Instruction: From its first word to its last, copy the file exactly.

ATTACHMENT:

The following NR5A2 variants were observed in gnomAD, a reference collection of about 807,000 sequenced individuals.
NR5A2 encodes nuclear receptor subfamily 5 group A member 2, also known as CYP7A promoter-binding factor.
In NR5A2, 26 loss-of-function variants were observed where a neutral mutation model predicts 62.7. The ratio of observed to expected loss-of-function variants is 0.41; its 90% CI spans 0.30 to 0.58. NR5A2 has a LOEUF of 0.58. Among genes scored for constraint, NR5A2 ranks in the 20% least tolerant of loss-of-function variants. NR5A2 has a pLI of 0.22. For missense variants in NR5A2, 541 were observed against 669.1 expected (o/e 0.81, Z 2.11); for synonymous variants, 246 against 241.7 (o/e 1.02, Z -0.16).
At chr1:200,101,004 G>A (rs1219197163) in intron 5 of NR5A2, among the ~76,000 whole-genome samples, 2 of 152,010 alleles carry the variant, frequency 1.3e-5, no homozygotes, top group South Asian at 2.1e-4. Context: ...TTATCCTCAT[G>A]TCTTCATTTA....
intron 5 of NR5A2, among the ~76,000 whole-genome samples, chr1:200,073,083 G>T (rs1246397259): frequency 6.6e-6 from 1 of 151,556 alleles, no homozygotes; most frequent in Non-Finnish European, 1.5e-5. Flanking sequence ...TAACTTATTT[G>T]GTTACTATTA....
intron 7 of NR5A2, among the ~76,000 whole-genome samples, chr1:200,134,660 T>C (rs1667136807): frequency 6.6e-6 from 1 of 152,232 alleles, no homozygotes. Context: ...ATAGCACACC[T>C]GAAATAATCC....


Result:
The following NR5A2 variants were observed in gnomAD, a reference collection of about 807,000 sequenced individuals.
NR5A2 encodes nuclear receptor subfamily 5 group A member 2, also known as CYP7A promoter-binding factor.
In NR5A2, 26 loss-of-function variants were observed where a neutral mutation model predicts 62.7. The ratio of observed to expected loss-of-function variants is 0.41; its 90% CI spans 0.30 to 0.58. NR5A2 has a LOEUF of 0.58. Among genes scored for constraint, NR5A2 ranks in the 20% least tolerant of loss-of-function variants. NR5A2 has a pLI of 0.22. For missense variants in NR5A2, 541 were observed against 669.1 expected (o/e 0.81, Z 2.11); for synonymous variants, 246 against 241.7 (o/e 1.02, Z -0.16).
At chr1:200,101,004 G>A (rs1219197163) in intron 5 of NR5A2, among the ~76,000 whole-genome samples, 2 of 152,010 alleles carry the variant, frequency 1.3e-5, no homozygotes, top group South Asian at 2.1e-4. Context: ...TTATCCTCAT[G>A]TCTTCATTTA....
intron 5 of NR5A2, among the ~76,000 whole-genome samples, chr1:200,073,083 G>T (rs1246397259): frequency 6.6e-6 from 1 of 151,556 alleles, no homozygotes; most frequent in Non-Finnish European, 1.5e-5. Flanking sequence ...TAACTTATTT[G>T]GTTACTATTA....
intron 7 of NR5A2, among the ~76,000 whole-genome samples, chr1:200,134,660 T>C (rs1667136807): frequency 6.6e-6 from 1 of 152,232 alleles, no homozygotes. Context: ...ATAGCACACC[T>C]GAAATAATCC....